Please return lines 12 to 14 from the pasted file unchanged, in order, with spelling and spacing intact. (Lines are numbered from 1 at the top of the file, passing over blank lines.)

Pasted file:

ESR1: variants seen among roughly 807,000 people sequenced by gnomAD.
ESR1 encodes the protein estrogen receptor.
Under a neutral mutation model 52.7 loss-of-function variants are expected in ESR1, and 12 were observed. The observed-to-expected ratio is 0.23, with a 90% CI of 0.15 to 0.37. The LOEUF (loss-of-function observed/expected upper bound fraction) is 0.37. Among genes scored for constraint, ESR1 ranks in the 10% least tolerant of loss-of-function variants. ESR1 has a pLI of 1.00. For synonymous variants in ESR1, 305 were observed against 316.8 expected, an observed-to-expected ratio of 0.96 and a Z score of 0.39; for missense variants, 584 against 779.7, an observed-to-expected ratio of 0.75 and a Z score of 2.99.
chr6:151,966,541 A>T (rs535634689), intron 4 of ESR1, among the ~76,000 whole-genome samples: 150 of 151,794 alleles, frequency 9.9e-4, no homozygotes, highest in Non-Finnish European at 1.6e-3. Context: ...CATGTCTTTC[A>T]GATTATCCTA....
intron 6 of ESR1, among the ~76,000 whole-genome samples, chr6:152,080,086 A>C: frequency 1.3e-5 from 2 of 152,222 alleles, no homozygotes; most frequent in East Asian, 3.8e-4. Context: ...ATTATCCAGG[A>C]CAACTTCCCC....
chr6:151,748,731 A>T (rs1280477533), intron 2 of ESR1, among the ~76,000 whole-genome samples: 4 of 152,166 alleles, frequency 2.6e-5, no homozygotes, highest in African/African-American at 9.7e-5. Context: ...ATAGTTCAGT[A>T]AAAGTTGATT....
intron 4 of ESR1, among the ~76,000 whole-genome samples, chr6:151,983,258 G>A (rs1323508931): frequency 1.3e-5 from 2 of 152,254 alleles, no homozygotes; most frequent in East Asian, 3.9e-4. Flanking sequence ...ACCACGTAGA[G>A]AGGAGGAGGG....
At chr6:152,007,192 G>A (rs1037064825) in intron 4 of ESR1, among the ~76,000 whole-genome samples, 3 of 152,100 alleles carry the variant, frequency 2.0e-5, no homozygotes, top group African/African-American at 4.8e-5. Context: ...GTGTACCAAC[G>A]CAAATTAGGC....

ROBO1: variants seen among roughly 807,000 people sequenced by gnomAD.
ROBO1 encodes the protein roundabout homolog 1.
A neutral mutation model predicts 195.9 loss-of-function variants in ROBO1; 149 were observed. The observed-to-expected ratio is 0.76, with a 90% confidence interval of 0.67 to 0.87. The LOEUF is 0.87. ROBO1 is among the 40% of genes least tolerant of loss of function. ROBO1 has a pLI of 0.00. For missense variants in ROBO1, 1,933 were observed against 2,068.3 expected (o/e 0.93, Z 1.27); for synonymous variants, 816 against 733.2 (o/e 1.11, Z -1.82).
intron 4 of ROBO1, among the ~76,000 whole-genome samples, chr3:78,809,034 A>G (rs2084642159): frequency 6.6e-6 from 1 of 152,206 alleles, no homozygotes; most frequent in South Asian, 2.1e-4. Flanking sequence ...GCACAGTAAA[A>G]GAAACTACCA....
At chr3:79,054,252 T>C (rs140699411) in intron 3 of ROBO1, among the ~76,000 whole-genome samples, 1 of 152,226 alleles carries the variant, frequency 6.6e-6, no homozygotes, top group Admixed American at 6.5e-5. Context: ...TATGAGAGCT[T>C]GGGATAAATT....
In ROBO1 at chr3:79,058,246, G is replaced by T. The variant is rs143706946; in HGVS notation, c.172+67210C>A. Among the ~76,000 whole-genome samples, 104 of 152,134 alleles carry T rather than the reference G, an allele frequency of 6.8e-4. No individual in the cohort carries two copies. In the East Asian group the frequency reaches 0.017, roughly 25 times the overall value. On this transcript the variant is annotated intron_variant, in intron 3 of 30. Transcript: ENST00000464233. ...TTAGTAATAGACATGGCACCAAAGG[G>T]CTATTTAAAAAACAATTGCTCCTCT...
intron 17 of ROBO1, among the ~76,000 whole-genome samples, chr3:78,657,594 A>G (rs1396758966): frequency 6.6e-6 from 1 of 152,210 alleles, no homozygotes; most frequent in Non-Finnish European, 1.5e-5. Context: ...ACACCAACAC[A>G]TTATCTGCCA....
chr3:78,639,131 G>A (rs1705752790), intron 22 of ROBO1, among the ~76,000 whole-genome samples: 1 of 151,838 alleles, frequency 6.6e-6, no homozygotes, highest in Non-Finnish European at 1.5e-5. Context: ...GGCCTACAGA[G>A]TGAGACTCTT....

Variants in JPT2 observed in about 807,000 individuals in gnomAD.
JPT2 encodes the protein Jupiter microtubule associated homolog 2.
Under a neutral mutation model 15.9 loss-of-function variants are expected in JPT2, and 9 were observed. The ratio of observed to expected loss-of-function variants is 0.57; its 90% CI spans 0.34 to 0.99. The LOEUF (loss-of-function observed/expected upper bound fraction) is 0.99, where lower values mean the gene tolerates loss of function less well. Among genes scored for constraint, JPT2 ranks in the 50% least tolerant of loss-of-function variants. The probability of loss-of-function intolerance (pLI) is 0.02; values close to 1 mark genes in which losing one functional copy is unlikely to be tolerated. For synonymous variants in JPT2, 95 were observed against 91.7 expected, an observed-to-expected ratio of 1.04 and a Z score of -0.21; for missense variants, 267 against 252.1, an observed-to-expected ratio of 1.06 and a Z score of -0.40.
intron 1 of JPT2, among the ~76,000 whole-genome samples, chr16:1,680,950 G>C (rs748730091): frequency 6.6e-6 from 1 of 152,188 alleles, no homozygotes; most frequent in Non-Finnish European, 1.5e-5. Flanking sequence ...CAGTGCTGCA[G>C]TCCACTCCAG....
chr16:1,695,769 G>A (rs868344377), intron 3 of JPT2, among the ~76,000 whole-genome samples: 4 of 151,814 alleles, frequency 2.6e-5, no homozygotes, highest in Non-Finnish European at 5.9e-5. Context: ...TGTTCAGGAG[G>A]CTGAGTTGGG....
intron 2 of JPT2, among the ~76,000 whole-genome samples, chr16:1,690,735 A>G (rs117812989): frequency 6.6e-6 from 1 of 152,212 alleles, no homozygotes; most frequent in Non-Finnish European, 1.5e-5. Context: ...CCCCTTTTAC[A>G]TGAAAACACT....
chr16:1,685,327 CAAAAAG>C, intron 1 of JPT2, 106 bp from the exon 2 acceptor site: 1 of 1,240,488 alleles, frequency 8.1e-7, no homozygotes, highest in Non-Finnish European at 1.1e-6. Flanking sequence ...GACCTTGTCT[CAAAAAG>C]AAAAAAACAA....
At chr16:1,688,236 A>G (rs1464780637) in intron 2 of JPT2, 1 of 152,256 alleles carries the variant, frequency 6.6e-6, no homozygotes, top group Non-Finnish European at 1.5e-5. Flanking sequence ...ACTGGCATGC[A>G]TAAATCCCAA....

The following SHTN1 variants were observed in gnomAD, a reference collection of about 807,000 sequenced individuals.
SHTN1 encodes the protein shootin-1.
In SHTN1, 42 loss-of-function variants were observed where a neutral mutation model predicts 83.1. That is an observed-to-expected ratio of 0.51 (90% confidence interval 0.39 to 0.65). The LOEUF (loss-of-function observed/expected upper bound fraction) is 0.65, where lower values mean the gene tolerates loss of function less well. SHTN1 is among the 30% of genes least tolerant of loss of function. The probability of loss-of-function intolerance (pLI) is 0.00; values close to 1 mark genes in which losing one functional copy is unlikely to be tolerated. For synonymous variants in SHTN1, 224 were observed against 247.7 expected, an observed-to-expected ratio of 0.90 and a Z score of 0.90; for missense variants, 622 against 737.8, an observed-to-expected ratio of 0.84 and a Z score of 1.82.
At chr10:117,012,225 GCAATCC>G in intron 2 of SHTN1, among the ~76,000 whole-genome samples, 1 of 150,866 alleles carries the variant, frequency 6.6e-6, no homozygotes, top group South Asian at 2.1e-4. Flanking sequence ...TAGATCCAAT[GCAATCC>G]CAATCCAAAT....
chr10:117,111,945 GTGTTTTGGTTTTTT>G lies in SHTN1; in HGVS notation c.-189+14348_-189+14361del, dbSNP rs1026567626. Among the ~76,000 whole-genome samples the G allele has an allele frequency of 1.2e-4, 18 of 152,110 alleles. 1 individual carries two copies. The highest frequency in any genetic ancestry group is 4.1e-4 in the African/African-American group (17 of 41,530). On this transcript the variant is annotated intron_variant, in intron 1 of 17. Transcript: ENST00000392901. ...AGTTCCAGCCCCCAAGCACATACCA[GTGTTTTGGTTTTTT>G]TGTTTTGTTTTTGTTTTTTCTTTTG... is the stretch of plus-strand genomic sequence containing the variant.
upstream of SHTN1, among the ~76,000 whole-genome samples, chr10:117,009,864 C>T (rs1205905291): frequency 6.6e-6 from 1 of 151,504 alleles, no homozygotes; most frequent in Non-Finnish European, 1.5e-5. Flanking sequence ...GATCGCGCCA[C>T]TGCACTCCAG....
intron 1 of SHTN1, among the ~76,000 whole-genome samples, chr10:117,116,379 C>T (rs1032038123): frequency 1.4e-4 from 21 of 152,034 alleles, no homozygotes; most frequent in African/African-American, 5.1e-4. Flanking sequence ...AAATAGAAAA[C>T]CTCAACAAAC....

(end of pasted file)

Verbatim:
intron 4 of ROBO1, among the ~76,000 whole-genome samples, chr3:78,809,034 A>G (rs2084642159): frequency 6.6e-6 from 1 of 152,206 alleles, no homozygotes; most frequent in South Asian, 2.1e-4. Flanking sequence ...GCACAGTAAA[A>G]GAAACTACCA....
At chr3:79,054,252 T>C (rs140699411) in intron 3 of ROBO1, among the ~76,000 whole-genome samples, 1 of 152,226 alleles carries the variant, frequency 6.6e-6, no homozygotes, top group Admixed American at 6.5e-5. Context: ...TATGAGAGCT[T>C]GGGATAAATT....
In ROBO1 at chr3:79,058,246, G is replaced by T. The variant is rs143706946; in HGVS notation, c.172+67210C>A. Among the ~76,000 whole-genome samples, 104 of 152,134 alleles carry T rather than the reference G, an allele frequency of 6.8e-4. No individual in the cohort carries two copies. In the East Asian group the frequency reaches 0.017, roughly 25 times the overall value. On this transcript the variant is annotated intron_variant, in intron 3 of 30. Transcript: ENST00000464233. ...TTAGTAATAGACATGGCACCAAAGG[G>T]CTATTTAAAAAACAATTGCTCCTCT...